“Forced Rhubarb”

I was put off eating rhubarb after I saw it described like this on the menu. This sounds so brutal, poor rhubarb! Surely we could come up with something more gentle for this early variety. How about ‘encouraged rhubarb’?

-by Ushma Patel



After an international team meeting that happened to be on the day of Burns Night, we were presented this mysterious dessert, which was a novelty even for most Brits present!

– by Lisa Plumridge


This F word is of course in common use in the US, particularly in the sporting world, but I have the EMEA team in stitches when I drop it in conversation. As you do.

– by Joey Hall


As in a third repeat. When I first saw it on a PowerPoint presentation my brain could just see the word “peat”, and I could not work out what this had to do with the subject matter!

– by Irja Howie


This term was coined by the EVG team after an unfortunate remote training session, during which the webcam was pointing at the trainer’s crotch area for the duration of the three-hour session.

– by Lisa Plumridge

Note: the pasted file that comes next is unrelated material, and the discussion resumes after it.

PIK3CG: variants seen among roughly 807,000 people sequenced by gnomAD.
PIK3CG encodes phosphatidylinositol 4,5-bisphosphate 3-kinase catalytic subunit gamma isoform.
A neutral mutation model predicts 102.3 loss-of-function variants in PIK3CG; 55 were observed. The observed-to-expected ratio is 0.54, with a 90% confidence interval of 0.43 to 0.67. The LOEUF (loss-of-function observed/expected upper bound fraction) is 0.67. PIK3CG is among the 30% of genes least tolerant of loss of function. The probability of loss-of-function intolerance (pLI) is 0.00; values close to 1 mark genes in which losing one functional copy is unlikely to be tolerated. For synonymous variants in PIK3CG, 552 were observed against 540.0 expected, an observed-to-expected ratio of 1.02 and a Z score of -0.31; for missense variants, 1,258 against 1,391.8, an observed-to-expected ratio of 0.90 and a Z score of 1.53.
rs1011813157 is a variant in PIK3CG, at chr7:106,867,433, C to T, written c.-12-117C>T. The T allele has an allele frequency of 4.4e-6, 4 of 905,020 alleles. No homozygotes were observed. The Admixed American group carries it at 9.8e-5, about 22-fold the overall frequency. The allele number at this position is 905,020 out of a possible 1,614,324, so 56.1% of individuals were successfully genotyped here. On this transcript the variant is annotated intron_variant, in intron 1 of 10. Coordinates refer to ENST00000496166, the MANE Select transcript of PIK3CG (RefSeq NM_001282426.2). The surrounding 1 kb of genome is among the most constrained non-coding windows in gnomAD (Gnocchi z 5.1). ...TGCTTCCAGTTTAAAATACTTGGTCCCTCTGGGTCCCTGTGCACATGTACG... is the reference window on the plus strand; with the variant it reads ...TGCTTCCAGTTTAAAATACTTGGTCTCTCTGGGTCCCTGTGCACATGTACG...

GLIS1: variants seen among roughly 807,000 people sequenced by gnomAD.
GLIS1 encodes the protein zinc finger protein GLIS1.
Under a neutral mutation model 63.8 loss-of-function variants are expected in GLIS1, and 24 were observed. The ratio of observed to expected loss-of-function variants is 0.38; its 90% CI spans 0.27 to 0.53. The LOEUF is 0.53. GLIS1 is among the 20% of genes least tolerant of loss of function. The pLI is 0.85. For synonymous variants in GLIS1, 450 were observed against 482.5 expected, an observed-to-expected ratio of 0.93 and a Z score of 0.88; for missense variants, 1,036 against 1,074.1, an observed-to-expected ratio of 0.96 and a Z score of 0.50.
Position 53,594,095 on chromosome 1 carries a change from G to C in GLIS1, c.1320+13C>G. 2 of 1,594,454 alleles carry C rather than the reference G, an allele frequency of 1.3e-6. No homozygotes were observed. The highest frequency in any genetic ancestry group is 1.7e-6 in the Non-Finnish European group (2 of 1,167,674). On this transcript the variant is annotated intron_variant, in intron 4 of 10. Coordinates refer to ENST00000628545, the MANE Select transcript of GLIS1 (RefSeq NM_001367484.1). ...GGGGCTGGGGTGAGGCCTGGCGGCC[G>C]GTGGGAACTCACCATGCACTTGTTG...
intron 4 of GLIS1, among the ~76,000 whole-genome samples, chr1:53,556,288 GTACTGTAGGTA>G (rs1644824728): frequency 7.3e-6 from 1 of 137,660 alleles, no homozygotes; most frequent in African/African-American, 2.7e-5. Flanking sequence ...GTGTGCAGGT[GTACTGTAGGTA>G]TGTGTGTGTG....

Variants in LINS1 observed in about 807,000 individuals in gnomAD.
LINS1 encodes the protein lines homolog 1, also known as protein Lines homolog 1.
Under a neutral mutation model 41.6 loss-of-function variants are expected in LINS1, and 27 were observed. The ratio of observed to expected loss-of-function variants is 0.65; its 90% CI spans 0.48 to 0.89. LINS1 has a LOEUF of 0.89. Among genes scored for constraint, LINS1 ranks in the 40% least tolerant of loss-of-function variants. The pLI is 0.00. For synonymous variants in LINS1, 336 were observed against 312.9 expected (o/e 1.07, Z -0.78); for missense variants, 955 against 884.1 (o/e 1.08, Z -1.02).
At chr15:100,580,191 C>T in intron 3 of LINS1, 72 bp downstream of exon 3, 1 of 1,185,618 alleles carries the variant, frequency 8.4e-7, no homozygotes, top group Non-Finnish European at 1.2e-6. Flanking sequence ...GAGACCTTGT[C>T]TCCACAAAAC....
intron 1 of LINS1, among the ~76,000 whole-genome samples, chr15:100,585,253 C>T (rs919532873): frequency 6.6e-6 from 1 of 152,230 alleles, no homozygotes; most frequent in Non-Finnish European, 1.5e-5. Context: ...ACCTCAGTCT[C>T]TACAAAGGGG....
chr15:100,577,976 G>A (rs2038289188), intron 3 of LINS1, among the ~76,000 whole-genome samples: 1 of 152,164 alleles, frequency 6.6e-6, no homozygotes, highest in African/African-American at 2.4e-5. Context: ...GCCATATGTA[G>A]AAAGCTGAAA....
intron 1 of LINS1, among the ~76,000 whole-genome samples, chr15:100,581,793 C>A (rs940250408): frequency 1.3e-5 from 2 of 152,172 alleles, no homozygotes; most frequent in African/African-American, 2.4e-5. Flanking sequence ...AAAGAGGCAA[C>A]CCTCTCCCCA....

I knew this to be a confusing term even in UK English, as it is the name of a bird and also means having sex. A colleague added a new dimension when she revealed her son was learning the shag; a South Carolina dance, of course.

I wonder where shagpile comes in with all this?

– by Irja Howie

“coiffé comme un d’sous de bras”

It turns out the French have a wonderful way with words. Their version of someone looking like they have been “dragged through the bush backwards” is “coiffé comme un d’sous de bras”, which translates as the hair on your head looking like the stuff under your armpits… Another example is “resto-baskets” – or restaurant trainers – which means the same as “dine and dash”.

– by Emilie Lefeuvre

“Mid Mortem”

Talking of post mortems in the context of non-medical project recaps is pretty grim, but when the boss started speaking about mid mortems I really started feeling queasy about the broken analogy. While we can all understand what it is meant to mean, the half-dead visuals that it conjures are just too much…

– by Irja Howie


A brilliant word that we often use in our style guides as it describes the writing tone we are after so well!

– by Matt Chesterton


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